Caen Guided Light Transit

From Wikipedia, the free encyclopedia
Jump to: navigation, search
Tramway de Caen
Tramway de Caen Station.jpg
Background
Locale Caen, Lower Normandy
Transit type GLT/TVR, a type of guided bus
Number of lines 2
Number of stations 34
Daily ridership 42,000 (2008)
Operation
Began operation 2002[1]
Operator(s) Twisto
Technical
System length 15.7 km (9.8 mi)
System map
Bus guidés de Caen - plan.png

The Caen guided light transit or Caen TVR, locally known as the "Tram", is an electrically powered guided bus system in Caen, France, which uses Bombardier Guided Light Transit (TVR in French) technology. After a construction time lasting three years, the system opened on 18 November 2002 at a total cost of 227 million euros.[1] The Caen transport company, Twisto (CTAC), is the current operator of the TVR system and calls the system the "Tram".[2]

Service is provide by 24 three-section articulated vehicles, guided by a central non-supporting rail. The entire passenger line is guided, and in normal service the vehicles are powered by electricity drawn from an overhead wire through a pantograph. The vehicles have auxiliary diesel engines and steering wheels and are able to operate away from the guide rail, but only in diesel mode, and under normal operating conditions they run only in electric mode when carrying passengers along the route, using their diesel engines only when travelling to and from the depot (garage). The use of pantographs for current collection means the Caen vehicles cannot move laterally away from the overhead wire when operating in electric mode, and for this reason they are not considered to be trolleybuses, under the English language meaning of that word,[3][4] and the system is sometimes referred to as a "rubber-tyred tramway".[4][5]

History[edit]

It was in 1988 that the SMTCAC (Syndicat Mixte des Transports en Commun de l'Agglomération Caennaise) first considered developing public transport on a large-scale. However, the opening of the bus system was not without problems as well as lack of interest in the system by the population with only 23% backing the project[6][not in citation given], in 1994, Viacités, one of the guided bus' network partners closed a contract with the consortium STVR (Société the transport sur Voie Réservée), existing construction company Spie Batignolles and Bombardier Transportation proceeded with infrastructure and vehicle construction. Due to financial contracts the municipality had no other choice but to push the project forward despite a relative lobby against the tram.[citation needed]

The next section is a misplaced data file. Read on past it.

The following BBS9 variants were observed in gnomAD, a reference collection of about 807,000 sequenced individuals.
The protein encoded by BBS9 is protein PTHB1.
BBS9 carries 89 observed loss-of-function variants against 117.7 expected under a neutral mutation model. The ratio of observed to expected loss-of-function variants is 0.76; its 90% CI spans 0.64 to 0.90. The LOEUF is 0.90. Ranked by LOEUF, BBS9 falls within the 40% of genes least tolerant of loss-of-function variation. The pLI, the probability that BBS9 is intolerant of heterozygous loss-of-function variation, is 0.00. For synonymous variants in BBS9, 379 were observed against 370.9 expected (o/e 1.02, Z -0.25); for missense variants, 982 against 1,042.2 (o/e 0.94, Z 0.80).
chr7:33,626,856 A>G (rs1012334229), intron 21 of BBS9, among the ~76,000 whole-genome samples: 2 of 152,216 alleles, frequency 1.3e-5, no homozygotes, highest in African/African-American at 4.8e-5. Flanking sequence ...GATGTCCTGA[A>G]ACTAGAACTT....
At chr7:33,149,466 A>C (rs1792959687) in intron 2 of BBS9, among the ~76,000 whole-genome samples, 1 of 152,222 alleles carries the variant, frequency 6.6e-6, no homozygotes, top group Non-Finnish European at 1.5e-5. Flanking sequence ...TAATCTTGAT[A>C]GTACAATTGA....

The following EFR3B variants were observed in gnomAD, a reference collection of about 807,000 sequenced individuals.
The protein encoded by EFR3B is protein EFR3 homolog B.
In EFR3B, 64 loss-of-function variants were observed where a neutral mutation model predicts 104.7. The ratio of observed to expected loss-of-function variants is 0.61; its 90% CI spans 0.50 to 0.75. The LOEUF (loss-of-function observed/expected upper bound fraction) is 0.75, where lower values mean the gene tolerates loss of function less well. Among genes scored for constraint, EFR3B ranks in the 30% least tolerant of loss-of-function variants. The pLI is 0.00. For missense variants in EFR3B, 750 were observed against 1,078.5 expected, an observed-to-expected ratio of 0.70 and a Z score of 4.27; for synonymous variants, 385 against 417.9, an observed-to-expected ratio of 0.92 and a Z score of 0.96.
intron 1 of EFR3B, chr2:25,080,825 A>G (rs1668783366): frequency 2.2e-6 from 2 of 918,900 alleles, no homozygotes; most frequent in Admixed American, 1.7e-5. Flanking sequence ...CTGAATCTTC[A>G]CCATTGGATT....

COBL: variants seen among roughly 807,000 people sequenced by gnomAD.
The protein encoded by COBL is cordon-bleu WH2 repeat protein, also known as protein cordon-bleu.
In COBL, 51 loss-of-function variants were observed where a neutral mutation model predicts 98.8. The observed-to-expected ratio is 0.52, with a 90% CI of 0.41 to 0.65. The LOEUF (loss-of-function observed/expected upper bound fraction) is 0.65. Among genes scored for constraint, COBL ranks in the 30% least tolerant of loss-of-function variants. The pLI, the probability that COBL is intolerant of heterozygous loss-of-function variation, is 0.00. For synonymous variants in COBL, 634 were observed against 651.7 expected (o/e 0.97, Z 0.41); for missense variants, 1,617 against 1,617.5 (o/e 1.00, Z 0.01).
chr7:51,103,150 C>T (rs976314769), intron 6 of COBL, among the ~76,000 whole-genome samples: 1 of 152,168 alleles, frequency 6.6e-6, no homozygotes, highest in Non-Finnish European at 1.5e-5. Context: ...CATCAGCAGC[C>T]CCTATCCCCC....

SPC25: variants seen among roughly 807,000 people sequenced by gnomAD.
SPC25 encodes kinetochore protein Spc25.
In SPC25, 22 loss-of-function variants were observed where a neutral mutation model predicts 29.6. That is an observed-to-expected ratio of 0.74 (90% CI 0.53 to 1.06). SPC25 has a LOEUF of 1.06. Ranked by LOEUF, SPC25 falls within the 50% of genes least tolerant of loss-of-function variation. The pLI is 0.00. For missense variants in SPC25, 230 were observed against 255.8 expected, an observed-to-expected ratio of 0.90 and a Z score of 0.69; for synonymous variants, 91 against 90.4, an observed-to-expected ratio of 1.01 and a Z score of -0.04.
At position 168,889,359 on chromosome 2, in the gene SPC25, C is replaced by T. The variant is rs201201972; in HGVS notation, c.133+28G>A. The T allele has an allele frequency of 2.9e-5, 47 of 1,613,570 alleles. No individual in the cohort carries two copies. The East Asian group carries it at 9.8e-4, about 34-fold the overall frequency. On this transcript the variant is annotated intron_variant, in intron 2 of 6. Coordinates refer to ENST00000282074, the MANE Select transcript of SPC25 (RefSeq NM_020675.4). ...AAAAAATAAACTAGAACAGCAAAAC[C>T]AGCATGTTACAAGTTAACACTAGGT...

Network[edit]

The total network is 15.7 kilometres long and comprises two lines, A and B, with a 5.7-kilometre (3.5 mi) common section running north–south in central Caen.[1] The central section, between Copernic and Poincaré, encompasses 15 stops. The entire network serves a total of 34 stops. There are plans for a second line running from east to west.

The tram current serves 40% of the public transport trips, 70 000 inhabitants and 60 000 jobs situated within 400m of the line.[citation needed]

Service frequency is high (3.5 to 7 minutes between vehicles) and operates between 5:30 and 00:30. Speed is 30% higher than conventional buses and stops are never more than 450 m apart.

Construction[edit]

  • D-850 (April 2000): Beginning of construction.
  • D-730 (15 September 2000): Beginning of trackbed construction.
  • D-120 (May 2002): Rolling stock tests.
  • D-60 (15 July 2002): First test run.
  • D Day (18 November 2002): Beginning of commercial operation (three days after an inauguration ceremony).[1]

Rolling stock[edit]

Service is provided by Bombardier GLT guided buses, each 24.5m long and 3.40m high, and weighing 38 tons. Their top speed is 70 km/h.

Safety[edit]

The system has been plagued with faults, due to design and operation;[6] on 21 October 2004 a young boy named Nathan was run over and killed by a TVR vehicle in Rue Roger-Bastion. The vehicle, being bus-based, restricted to its guiding rail and lacking grip to brake in time, could not avoid the infant.[7][not in citation given] Five years on, the neighbouring inhabitants still do not feel the system is safe.[citation needed]

Replacement with light rail[edit]

Viacités confirmed on 14 December 2011 its plans to abandon the TVR in favour of light rail by 2018, due to its unreliability. The light rail is set take 18 months to construct and has an approximately €170 million price tag.

The conversion to light rail will also mean the termination of two concession contracts that Keolis and Bombardier-Spie Batignolles consortium STVR hold.[8]

It is believed that the replacement rail line will follow the TVR's original route.

Notes[edit]

See also[edit]

External links[edit]